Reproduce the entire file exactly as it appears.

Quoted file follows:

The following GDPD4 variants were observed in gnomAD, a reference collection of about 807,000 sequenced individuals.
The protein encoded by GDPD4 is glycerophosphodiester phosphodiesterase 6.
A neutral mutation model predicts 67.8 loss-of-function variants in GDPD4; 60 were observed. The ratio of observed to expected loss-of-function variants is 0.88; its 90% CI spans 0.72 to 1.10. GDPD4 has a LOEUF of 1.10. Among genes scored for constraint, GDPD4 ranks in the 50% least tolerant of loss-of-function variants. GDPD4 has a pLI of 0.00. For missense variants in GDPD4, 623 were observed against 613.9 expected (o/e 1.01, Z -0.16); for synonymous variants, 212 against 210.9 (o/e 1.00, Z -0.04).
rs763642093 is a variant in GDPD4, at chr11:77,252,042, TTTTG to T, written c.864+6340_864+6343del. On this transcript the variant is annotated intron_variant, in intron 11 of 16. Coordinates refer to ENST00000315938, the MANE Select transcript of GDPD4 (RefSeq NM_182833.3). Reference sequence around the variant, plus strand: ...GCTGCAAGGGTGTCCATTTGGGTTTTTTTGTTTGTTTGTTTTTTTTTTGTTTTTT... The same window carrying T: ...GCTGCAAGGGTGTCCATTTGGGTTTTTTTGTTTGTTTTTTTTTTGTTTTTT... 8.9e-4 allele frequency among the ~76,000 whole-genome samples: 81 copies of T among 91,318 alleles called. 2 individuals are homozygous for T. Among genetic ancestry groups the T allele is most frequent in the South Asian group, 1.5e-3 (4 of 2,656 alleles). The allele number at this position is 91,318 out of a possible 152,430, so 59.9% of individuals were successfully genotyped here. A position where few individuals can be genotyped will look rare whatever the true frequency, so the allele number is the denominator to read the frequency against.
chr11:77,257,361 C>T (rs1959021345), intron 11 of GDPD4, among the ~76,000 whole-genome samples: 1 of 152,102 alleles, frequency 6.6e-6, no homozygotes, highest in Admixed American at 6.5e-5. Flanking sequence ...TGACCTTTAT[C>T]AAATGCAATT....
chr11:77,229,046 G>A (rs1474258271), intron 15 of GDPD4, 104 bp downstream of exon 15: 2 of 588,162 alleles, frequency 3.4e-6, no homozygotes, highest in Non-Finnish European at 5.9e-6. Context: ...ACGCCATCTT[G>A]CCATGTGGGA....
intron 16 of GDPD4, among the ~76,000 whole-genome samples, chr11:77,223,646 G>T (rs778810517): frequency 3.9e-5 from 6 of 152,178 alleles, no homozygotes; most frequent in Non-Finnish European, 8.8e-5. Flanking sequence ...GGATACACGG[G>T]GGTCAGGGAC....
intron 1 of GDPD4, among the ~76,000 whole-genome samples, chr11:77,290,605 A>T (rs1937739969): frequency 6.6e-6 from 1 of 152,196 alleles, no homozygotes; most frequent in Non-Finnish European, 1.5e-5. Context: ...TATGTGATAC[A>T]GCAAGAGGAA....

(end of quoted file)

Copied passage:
The following GDPD4 variants were observed in gnomAD, a reference collection of about 807,000 sequenced individuals.
The protein encoded by GDPD4 is glycerophosphodiester phosphodiesterase 6.
A neutral mutation model predicts 67.8 loss-of-function variants in GDPD4; 60 were observed. The ratio of observed to expected loss-of-function variants is 0.88; its 90% CI spans 0.72 to 1.10. GDPD4 has a LOEUF of 1.10. Among genes scored for constraint, GDPD4 ranks in the 50% least tolerant of loss-of-function variants. GDPD4 has a pLI of 0.00. For missense variants in GDPD4, 623 were observed against 613.9 expected (o/e 1.01, Z -0.16); for synonymous variants, 212 against 210.9 (o/e 1.00, Z -0.04).
rs763642093 is a variant in GDPD4, at chr11:77,252,042, TTTTG to T, written c.864+6340_864+6343del. On this transcript the variant is annotated intron_variant, in intron 11 of 16. Coordinates refer to ENST00000315938, the MANE Select transcript of GDPD4 (RefSeq NM_182833.3). Reference sequence around the variant, plus strand: ...GCTGCAAGGGTGTCCATTTGGGTTTTTTTGTTTGTTTGTTTTTTTTTTGTTTTTT... The same window carrying T: ...GCTGCAAGGGTGTCCATTTGGGTTTTTTTGTTTGTTTTTTTTTTGTTTTTT... 8.9e-4 allele frequency among the ~76,000 whole-genome samples: 81 copies of T among 91,318 alleles called. 2 individuals are homozygous for T. Among genetic ancestry groups the T allele is most frequent in the South Asian group, 1.5e-3 (4 of 2,656 alleles). The allele number at this position is 91,318 out of a possible 152,430, so 59.9% of individuals were successfully genotyped here. A position where few individuals can be genotyped will look rare whatever the true frequency, so the allele number is the denominator to read the frequency against.
chr11:77,257,361 C>T (rs1959021345), intron 11 of GDPD4, among the ~76,000 whole-genome samples: 1 of 152,102 alleles, frequency 6.6e-6, no homozygotes, highest in Admixed American at 6.5e-5. Flanking sequence ...TGACCTTTAT[C>T]AAATGCAATT....
chr11:77,229,046 G>A (rs1474258271), intron 15 of GDPD4, 104 bp downstream of exon 15: 2 of 588,162 alleles, frequency 3.4e-6, no homozygotes, highest in Non-Finnish European at 5.9e-6. Context: ...ACGCCATCTT[G>A]CCATGTGGGA....
intron 16 of GDPD4, among the ~76,000 whole-genome samples, chr11:77,223,646 G>T (rs778810517): frequency 3.9e-5 from 6 of 152,178 alleles, no homozygotes; most frequent in Non-Finnish European, 8.8e-5. Flanking sequence ...GGATACACGG[G>T]GGTCAGGGAC....
intron 1 of GDPD4, among the ~76,000 whole-genome samples, chr11:77,290,605 A>T (rs1937739969): frequency 6.6e-6 from 1 of 152,196 alleles, no homozygotes; most frequent in Non-Finnish European, 1.5e-5. Context: ...TATGTGATAC[A>T]GCAAGAGGAA....